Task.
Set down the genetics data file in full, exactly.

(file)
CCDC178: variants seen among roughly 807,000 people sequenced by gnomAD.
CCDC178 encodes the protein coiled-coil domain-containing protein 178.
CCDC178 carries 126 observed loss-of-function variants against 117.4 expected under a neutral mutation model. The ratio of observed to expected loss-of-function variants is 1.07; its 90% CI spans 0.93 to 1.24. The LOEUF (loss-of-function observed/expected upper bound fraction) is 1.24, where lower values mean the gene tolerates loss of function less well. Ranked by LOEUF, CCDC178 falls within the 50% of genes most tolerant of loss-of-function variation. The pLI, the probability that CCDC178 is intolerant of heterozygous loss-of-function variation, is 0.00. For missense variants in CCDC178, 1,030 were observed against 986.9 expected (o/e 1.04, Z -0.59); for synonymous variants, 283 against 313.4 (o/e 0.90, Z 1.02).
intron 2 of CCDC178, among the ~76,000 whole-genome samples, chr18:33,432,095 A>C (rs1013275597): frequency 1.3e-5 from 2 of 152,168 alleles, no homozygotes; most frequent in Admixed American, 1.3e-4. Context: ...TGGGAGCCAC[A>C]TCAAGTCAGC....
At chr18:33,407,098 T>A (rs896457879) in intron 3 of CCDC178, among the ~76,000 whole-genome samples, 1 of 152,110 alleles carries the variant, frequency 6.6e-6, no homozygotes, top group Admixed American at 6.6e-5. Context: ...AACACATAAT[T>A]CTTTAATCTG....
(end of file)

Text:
CCDC178: variants seen among roughly 807,000 people sequenced by gnomAD.
CCDC178 encodes the protein coiled-coil domain-containing protein 178.
CCDC178 carries 126 observed loss-of-function variants against 117.4 expected under a neutral mutation model. The ratio of observed to expected loss-of-function variants is 1.07; its 90% CI spans 0.93 to 1.24. The LOEUF (loss-of-function observed/expected upper bound fraction) is 1.24, where lower values mean the gene tolerates loss of function less well. Ranked by LOEUF, CCDC178 falls within the 50% of genes most tolerant of loss-of-function variation. The pLI, the probability that CCDC178 is intolerant of heterozygous loss-of-function variation, is 0.00. For missense variants in CCDC178, 1,030 were observed against 986.9 expected (o/e 1.04, Z -0.59); for synonymous variants, 283 against 313.4 (o/e 0.90, Z 1.02).
intron 2 of CCDC178, among the ~76,000 whole-genome samples, chr18:33,432,095 A>C (rs1013275597): frequency 1.3e-5 from 2 of 152,168 alleles, no homozygotes; most frequent in Admixed American, 1.3e-4. Context: ...TGGGAGCCAC[A>C]TCAAGTCAGC....
At chr18:33,407,098 T>A (rs896457879) in intron 3 of CCDC178, among the ~76,000 whole-genome samples, 1 of 152,110 alleles carries the variant, frequency 6.6e-6, no homozygotes, top group Admixed American at 6.6e-5. Context: ...AACACATAAT[T>A]CTTTAATCTG....